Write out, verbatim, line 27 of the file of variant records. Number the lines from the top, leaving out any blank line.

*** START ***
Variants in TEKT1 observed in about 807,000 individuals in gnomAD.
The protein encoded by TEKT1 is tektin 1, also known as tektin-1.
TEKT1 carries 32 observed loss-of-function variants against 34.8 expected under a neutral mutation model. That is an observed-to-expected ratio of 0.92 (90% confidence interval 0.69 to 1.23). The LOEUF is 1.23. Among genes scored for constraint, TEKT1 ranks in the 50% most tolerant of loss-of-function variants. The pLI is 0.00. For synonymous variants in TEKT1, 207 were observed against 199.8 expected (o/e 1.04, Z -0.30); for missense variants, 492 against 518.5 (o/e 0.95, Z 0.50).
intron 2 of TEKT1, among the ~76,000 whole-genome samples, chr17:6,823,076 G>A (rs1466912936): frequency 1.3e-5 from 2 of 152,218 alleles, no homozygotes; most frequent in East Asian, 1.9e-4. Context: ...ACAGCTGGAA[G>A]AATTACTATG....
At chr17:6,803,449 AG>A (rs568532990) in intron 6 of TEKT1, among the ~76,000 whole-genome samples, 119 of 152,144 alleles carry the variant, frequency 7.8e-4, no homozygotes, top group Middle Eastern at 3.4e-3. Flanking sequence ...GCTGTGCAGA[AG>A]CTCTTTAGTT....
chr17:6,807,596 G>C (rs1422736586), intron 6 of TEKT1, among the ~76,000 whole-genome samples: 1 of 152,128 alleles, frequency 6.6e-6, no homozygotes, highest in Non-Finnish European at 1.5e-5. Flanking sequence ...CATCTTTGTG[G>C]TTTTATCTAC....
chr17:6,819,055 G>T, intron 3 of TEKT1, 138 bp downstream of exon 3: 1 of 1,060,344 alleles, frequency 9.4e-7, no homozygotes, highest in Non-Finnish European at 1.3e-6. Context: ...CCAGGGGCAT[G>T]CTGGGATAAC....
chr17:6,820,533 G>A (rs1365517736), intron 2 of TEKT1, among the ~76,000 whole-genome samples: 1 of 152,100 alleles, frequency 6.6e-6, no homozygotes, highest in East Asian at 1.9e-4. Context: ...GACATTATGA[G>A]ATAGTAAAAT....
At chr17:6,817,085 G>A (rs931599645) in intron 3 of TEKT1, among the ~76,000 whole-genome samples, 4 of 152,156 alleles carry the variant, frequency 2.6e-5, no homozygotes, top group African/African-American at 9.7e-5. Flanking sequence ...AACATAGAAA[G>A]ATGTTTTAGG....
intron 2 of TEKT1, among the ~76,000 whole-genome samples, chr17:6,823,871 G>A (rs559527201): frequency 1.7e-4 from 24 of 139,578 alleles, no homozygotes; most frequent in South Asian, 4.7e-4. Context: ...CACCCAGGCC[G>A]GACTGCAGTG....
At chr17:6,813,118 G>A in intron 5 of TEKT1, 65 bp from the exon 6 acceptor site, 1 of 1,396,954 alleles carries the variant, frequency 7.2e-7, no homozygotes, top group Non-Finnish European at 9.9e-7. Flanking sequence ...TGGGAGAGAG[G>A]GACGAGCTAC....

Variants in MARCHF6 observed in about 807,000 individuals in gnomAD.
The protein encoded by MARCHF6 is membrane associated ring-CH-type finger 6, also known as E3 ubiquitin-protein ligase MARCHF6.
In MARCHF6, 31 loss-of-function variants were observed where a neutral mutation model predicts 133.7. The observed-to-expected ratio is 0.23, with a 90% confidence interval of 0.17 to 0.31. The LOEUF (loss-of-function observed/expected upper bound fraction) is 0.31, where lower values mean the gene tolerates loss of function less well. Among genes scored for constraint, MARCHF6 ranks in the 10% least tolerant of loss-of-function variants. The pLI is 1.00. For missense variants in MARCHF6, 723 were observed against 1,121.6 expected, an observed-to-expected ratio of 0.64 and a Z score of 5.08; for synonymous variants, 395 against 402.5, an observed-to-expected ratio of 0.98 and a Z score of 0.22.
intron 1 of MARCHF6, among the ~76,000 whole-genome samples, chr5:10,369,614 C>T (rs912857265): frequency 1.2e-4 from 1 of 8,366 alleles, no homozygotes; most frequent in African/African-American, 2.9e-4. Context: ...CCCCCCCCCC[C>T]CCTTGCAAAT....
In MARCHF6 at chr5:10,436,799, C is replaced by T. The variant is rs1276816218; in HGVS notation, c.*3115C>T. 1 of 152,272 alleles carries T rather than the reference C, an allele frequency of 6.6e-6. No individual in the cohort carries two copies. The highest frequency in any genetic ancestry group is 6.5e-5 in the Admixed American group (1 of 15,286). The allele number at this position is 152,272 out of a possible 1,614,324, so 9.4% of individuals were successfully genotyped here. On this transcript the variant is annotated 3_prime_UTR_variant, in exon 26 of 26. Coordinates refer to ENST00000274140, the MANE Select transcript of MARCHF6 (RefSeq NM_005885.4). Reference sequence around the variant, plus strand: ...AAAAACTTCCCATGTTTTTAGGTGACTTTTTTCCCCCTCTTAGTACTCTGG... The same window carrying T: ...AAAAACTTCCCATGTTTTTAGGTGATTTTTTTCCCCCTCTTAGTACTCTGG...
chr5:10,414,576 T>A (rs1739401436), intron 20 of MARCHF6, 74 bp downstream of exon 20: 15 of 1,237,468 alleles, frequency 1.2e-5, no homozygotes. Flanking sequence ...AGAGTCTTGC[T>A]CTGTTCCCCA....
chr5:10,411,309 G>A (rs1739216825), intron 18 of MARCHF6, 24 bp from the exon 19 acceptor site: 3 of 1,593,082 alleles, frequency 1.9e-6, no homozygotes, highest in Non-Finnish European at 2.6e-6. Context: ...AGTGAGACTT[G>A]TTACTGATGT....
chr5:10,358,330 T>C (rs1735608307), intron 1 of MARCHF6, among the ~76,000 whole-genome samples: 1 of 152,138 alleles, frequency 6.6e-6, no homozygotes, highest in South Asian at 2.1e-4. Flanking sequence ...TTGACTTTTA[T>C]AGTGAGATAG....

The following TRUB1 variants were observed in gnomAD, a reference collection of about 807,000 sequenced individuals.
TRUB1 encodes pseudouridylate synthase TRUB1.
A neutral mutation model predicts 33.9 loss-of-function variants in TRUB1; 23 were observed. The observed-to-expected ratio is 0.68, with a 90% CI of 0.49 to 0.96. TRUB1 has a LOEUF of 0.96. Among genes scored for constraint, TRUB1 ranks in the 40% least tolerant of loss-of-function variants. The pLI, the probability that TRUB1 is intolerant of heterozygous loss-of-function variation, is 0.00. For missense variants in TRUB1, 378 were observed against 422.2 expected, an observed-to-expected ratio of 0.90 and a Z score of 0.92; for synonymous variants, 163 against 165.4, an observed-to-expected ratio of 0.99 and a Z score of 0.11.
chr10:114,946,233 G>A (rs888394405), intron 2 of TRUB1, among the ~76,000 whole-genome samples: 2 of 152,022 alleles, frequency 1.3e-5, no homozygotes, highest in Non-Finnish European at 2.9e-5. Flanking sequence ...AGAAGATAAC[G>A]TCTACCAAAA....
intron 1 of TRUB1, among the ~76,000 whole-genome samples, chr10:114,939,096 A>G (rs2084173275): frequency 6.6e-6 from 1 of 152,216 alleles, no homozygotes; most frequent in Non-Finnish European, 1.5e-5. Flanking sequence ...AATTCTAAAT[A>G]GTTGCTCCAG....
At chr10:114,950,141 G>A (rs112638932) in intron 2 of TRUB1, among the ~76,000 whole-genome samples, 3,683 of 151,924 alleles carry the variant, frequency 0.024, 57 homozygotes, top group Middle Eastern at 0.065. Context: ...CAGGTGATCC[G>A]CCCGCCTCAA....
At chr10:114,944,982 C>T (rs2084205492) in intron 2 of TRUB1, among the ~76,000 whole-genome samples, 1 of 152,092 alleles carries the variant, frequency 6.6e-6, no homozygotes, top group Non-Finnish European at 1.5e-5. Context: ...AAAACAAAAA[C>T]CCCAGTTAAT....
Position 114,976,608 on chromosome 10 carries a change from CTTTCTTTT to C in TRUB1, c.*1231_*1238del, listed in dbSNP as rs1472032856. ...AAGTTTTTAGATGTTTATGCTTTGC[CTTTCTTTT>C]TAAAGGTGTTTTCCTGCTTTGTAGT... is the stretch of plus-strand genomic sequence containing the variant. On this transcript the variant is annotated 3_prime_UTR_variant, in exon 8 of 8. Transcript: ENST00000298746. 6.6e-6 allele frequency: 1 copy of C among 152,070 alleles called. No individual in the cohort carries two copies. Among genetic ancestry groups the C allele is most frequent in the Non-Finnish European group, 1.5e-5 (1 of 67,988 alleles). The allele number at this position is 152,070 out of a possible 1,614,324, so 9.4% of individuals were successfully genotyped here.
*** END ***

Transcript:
Position 114,976,608 on chromosome 10 carries a change from CTTTCTTTT to C in TRUB1, c.*1231_*1238del, listed in dbSNP as rs1472032856. ...AAGTTTTTAGATGTTTATGCTTTGC[CTTTCTTTT>C]TAAAGGTGTTTTCCTGCTTTGTAGT... is the stretch of plus-strand genomic sequence containing the variant. On this transcript the variant is annotated 3_prime_UTR_variant, in exon 8 of 8. Transcript: ENST00000298746. 6.6e-6 allele frequency: 1 copy of C among 152,070 alleles called. No individual in the cohort carries two copies. Among genetic ancestry groups the C allele is most frequent in the Non-Finnish European group, 1.5e-5 (1 of 67,988 alleles). The allele number at this position is 152,070 out of a possible 1,614,324, so 9.4% of individuals were successfully genotyped here.